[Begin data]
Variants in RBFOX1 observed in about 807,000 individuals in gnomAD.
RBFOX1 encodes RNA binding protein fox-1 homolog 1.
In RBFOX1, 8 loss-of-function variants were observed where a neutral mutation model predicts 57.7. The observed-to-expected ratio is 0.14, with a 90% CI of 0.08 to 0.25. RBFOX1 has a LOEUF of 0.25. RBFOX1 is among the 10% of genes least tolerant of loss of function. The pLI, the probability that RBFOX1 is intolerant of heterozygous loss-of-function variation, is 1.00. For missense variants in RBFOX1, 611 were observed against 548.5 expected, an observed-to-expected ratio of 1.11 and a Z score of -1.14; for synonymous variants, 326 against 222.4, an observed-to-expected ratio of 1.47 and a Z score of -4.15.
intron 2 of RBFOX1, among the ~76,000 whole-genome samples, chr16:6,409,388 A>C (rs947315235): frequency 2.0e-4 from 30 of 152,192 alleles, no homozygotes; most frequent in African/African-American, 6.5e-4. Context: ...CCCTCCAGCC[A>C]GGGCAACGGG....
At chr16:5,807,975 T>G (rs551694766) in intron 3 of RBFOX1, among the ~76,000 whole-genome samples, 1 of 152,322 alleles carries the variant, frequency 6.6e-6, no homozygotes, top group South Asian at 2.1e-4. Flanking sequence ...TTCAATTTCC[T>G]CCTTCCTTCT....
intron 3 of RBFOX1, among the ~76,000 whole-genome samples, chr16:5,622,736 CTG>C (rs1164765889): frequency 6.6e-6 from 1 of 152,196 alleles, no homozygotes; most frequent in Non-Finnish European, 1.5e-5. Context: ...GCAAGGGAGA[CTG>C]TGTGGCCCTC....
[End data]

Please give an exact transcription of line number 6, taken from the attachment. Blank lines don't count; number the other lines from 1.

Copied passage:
intron 3 of RBFOX1, among the ~76,000 whole-genome samples, chr16:5,622,736 CTG>C (rs1164765889): frequency 6.6e-6 from 1 of 152,196 alleles, no homozygotes; most frequent in Non-Finnish European, 1.5e-5. Context: ...GCAAGGGAGA[CTG>C]TGTGGCCCTC....